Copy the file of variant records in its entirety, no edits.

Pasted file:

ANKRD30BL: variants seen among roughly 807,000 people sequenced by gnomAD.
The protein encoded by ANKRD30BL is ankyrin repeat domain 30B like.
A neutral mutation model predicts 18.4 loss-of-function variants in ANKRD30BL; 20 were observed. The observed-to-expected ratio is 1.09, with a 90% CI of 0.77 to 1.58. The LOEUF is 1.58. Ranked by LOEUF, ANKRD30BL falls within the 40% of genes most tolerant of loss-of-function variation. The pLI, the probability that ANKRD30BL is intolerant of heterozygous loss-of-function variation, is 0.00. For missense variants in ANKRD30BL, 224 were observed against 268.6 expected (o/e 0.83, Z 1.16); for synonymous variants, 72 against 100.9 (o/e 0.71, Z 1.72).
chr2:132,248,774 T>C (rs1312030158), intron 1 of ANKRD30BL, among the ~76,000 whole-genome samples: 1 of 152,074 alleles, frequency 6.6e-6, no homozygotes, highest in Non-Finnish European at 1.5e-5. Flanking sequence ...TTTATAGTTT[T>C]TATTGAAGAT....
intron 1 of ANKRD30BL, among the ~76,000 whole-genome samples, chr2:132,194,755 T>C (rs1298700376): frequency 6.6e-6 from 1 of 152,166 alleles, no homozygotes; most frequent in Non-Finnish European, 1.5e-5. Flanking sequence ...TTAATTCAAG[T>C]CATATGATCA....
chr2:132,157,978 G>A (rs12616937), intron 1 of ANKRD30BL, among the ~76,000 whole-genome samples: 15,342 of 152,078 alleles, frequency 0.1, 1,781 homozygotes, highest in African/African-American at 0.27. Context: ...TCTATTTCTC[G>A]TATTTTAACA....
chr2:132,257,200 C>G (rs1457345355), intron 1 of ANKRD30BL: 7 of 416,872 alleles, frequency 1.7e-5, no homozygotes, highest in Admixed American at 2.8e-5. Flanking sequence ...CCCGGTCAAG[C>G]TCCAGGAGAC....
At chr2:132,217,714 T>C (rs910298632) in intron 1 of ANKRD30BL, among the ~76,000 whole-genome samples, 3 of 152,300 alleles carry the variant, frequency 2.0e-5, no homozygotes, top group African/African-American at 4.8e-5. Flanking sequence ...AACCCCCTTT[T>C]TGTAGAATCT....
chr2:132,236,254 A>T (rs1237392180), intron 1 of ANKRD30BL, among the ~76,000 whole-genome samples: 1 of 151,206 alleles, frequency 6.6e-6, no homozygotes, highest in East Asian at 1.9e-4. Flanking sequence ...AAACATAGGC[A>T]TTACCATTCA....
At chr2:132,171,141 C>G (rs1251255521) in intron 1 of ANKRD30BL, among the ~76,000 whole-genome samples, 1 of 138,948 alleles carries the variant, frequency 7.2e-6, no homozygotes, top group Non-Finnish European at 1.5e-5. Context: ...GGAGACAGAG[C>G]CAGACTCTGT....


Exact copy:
ANKRD30BL: variants seen among roughly 807,000 people sequenced by gnomAD.
The protein encoded by ANKRD30BL is ankyrin repeat domain 30B like.
A neutral mutation model predicts 18.4 loss-of-function variants in ANKRD30BL; 20 were observed. The observed-to-expected ratio is 1.09, with a 90% CI of 0.77 to 1.58. The LOEUF is 1.58. Ranked by LOEUF, ANKRD30BL falls within the 40% of genes most tolerant of loss-of-function variation. The pLI, the probability that ANKRD30BL is intolerant of heterozygous loss-of-function variation, is 0.00. For missense variants in ANKRD30BL, 224 were observed against 268.6 expected (o/e 0.83, Z 1.16); for synonymous variants, 72 against 100.9 (o/e 0.71, Z 1.72).
chr2:132,248,774 T>C (rs1312030158), intron 1 of ANKRD30BL, among the ~76,000 whole-genome samples: 1 of 152,074 alleles, frequency 6.6e-6, no homozygotes, highest in Non-Finnish European at 1.5e-5. Flanking sequence ...TTTATAGTTT[T>C]TATTGAAGAT....
intron 1 of ANKRD30BL, among the ~76,000 whole-genome samples, chr2:132,194,755 T>C (rs1298700376): frequency 6.6e-6 from 1 of 152,166 alleles, no homozygotes; most frequent in Non-Finnish European, 1.5e-5. Flanking sequence ...TTAATTCAAG[T>C]CATATGATCA....
chr2:132,157,978 G>A (rs12616937), intron 1 of ANKRD30BL, among the ~76,000 whole-genome samples: 15,342 of 152,078 alleles, frequency 0.1, 1,781 homozygotes, highest in African/African-American at 0.27. Context: ...TCTATTTCTC[G>A]TATTTTAACA....
chr2:132,257,200 C>G (rs1457345355), intron 1 of ANKRD30BL: 7 of 416,872 alleles, frequency 1.7e-5, no homozygotes, highest in Admixed American at 2.8e-5. Flanking sequence ...CCCGGTCAAG[C>G]TCCAGGAGAC....
At chr2:132,217,714 T>C (rs910298632) in intron 1 of ANKRD30BL, among the ~76,000 whole-genome samples, 3 of 152,300 alleles carry the variant, frequency 2.0e-5, no homozygotes, top group African/African-American at 4.8e-5. Flanking sequence ...AACCCCCTTT[T>C]TGTAGAATCT....
chr2:132,236,254 A>T (rs1237392180), intron 1 of ANKRD30BL, among the ~76,000 whole-genome samples: 1 of 151,206 alleles, frequency 6.6e-6, no homozygotes, highest in East Asian at 1.9e-4. Flanking sequence ...AAACATAGGC[A>T]TTACCATTCA....
At chr2:132,171,141 C>G (rs1251255521) in intron 1 of ANKRD30BL, among the ~76,000 whole-genome samples, 1 of 138,948 alleles carries the variant, frequency 7.2e-6, no homozygotes, top group Non-Finnish European at 1.5e-5. Context: ...GGAGACAGAG[C>G]CAGACTCTGT....